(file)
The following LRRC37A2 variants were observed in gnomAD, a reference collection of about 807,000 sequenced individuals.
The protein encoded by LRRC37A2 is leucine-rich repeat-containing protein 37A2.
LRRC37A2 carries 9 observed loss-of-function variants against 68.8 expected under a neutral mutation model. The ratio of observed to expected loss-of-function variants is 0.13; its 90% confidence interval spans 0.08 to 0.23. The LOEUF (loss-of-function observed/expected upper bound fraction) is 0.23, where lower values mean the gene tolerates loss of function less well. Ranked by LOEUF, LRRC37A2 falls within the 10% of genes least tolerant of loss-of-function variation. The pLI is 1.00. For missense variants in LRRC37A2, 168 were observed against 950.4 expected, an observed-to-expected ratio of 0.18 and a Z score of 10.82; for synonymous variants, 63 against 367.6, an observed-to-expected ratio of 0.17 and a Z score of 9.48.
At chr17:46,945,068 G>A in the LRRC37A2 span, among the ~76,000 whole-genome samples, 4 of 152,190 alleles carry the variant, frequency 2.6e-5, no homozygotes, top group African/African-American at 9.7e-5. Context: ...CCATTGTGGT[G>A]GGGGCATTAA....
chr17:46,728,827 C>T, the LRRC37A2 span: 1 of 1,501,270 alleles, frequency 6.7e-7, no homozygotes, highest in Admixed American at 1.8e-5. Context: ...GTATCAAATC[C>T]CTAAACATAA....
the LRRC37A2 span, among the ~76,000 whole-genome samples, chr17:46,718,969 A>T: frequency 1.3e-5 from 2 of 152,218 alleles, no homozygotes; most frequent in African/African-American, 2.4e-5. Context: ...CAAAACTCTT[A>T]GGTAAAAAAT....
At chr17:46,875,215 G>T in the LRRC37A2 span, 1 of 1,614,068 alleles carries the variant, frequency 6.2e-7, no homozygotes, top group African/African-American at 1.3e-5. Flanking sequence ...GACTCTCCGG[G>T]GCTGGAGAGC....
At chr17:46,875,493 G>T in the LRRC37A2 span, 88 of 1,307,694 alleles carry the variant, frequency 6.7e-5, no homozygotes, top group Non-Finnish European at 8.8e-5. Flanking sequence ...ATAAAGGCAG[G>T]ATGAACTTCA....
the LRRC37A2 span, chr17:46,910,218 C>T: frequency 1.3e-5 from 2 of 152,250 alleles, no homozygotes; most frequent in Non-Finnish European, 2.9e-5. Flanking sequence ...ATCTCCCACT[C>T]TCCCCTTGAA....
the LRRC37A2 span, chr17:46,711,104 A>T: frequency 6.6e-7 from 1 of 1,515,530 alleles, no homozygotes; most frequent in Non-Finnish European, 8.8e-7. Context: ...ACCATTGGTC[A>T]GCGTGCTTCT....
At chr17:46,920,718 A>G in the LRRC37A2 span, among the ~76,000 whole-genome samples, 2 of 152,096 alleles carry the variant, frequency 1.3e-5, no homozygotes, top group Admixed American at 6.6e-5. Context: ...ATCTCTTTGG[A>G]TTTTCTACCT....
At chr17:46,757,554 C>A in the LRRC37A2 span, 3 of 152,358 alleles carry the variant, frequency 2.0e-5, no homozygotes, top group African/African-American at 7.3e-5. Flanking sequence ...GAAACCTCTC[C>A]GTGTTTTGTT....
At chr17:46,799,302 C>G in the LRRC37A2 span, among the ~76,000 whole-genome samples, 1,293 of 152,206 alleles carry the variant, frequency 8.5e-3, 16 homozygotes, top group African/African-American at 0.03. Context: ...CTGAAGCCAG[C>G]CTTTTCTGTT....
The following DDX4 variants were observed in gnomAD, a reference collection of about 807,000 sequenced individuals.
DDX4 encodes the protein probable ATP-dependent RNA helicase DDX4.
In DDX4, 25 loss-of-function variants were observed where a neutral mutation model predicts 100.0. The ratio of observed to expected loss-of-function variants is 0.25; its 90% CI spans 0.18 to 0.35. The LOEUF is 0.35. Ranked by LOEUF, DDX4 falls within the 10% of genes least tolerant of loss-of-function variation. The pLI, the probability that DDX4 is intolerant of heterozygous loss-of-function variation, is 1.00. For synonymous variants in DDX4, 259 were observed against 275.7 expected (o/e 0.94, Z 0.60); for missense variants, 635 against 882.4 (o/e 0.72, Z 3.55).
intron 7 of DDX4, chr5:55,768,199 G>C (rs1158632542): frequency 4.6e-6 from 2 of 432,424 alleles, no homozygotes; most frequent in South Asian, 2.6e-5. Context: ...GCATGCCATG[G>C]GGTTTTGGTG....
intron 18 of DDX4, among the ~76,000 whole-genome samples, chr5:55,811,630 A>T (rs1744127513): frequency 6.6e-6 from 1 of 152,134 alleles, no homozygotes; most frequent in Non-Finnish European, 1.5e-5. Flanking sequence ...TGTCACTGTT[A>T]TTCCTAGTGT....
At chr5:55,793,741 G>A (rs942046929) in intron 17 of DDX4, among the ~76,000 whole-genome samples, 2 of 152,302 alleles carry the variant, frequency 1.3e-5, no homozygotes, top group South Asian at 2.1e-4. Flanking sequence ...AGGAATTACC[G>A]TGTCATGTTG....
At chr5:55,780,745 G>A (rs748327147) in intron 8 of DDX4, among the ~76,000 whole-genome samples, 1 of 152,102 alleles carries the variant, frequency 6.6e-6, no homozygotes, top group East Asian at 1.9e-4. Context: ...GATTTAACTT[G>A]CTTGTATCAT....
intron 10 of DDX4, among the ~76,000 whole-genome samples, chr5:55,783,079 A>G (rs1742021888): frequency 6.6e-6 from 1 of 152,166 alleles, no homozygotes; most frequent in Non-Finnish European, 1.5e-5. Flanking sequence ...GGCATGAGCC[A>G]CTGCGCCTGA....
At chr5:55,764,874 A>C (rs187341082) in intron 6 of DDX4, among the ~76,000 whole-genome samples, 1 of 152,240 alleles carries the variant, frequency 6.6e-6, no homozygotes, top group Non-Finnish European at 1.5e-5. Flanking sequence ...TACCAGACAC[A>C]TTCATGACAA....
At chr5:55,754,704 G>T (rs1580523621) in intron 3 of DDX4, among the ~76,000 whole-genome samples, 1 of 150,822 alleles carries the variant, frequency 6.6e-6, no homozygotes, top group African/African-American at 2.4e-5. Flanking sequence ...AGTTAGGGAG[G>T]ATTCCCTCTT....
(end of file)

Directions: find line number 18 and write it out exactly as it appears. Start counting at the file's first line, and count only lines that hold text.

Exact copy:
intron 18 of DDX4, among the ~76,000 whole-genome samples, chr5:55,811,630 A>T (rs1744127513): frequency 6.6e-6 from 1 of 152,134 alleles, no homozygotes; most frequent in Non-Finnish European, 1.5e-5. Flanking sequence ...TGTCACTGTT[A>T]TTCCTAGTGT....